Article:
Burundi government has approved changes to the constitution that could pave the way to a potential 14-year extension in President Pierre Nkurunziza’s stay in office, senior officials said Thursday.
President Pierre Nkurunziza, burundian educator and former leader of a Hutu rebel group has been President of Burundi since 2005
Ministers, meeting on Tuesday in an extraordinary session, gave their agreement in principle to the proposed reforms, they said. The present constitution derives from the country’s 2000 peace agreement, which was signed in the northern Tanzanian town of Arusha to end a 12-year civil war that claimed more than 300,000 lives.
According to AFP, The planned changes do not touch ethnic and gender quotas required for the government, parliament or police, “but they no longer make a reference to the Arusha peace agreement,” said one of the officials, who like the other sources spoke on condition of anonymity.
The Arusha accord stipulates clearly that no president can govern the country for more than 10 years.
But Burundi is mired in a deep political crisis, triggered when opposition groups, determined to defend the Arusha requirement, protested against elections in April 2015 that enabled Nkurunziza to stay on for a third five-year term.
AFP quotes a knowledgeable source: The draft constitution changes say “the president of the republic is elected for a seven-year term which is renewable” but adds, “no president can govern for more than two consecutive terms.”
In theory, this could mean that Nkurunziza could be elected in 2020 and be re-elected seven years later, together making a 14-year additional run.
Another source said that the ministers also agreed that the draft constitutional text — the fruit of a year-long consultation exercise that drew in proposals from 26,000 people — would be submitted to a referendum “very quickly, probably in February next year.”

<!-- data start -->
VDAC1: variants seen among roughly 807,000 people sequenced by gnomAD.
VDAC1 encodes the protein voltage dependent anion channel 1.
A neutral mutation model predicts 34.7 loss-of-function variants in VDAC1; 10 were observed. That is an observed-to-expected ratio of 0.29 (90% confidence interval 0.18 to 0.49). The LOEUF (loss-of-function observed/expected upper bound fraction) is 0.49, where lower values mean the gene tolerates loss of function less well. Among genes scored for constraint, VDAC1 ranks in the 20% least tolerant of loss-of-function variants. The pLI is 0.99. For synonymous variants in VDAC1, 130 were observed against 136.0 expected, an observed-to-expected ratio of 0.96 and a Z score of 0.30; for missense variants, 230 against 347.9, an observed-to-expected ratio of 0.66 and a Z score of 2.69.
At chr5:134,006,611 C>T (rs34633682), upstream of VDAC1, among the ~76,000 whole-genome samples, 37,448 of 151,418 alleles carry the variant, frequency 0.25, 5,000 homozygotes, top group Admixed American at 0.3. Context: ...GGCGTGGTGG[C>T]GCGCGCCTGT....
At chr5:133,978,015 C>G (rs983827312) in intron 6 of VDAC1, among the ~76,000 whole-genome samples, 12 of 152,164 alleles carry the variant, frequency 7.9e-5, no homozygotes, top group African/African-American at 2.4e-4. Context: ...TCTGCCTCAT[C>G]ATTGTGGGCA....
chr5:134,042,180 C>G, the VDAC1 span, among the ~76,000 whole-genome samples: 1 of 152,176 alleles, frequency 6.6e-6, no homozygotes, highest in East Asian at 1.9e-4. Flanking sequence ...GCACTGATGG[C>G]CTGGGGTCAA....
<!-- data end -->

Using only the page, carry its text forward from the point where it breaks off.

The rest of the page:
The report of the year-long inquiry, created by the UN Human Rights Council in September 2016, based on more than 500 interviews with victims, witnesses and other sources revealed that Burundian officials at the highest level should be held accountable for crimes against humanity. The commission said there were reasonable grounds to believe that crimes against humanity had been committed since April 2015, when President Pierre Nkurunziza said he would seek a new term in office.
The principal perpetrators of human rights violations were the defence and security forces, while the National Intelligence Service had carried out extrajudicial executions, arbitrary arrests and detentions, enforced disappearances, acts of torture and cruel, inhuman or degrading treatment and sexual violence. “The National Intelligence Service reports directly to the President and its operations are managed by a senior administrative officer,” the report said.
Torture methods included “beatings with clubs, rifle butts, bayonets, iron bars, metal chains or electric cables”, the report said. Victims were also raped or forced to eat faeces.
Comedian or president
A man of the people working to rebuild the country, one of the poorest in the world? It has been reported that diplomats arriving for official meetings with Mr Nkurunziza have been whisked away from the capital, Bujumbura, into the countryside, where they find the president digging in the fields with local farmers.
“The man’s simplicity is remarkable, and he always draws attention, mingling with village people in the remote rural areas where he spends most of his time,” his official biography on the Burundian government website says. This has made him more popular in rural areas, but not in the capital, where most of the opposition resides.
Before the civil war, Mr Nkurunziza, who had graduated in sports education, was a teacher and assistant lecturer at the University of Burundi. Now a born-again Christian, the father of five.
He and his wife Denise were once reported to have washed the feet of some of those among the crowd. It is not only the people who the president believes have put their faith in him. Mr Nkurunziza was sentenced to death in absentia by a Burundian court in 1998 for laying land mines, but received an amnesty under the peace accord that ended the fighting.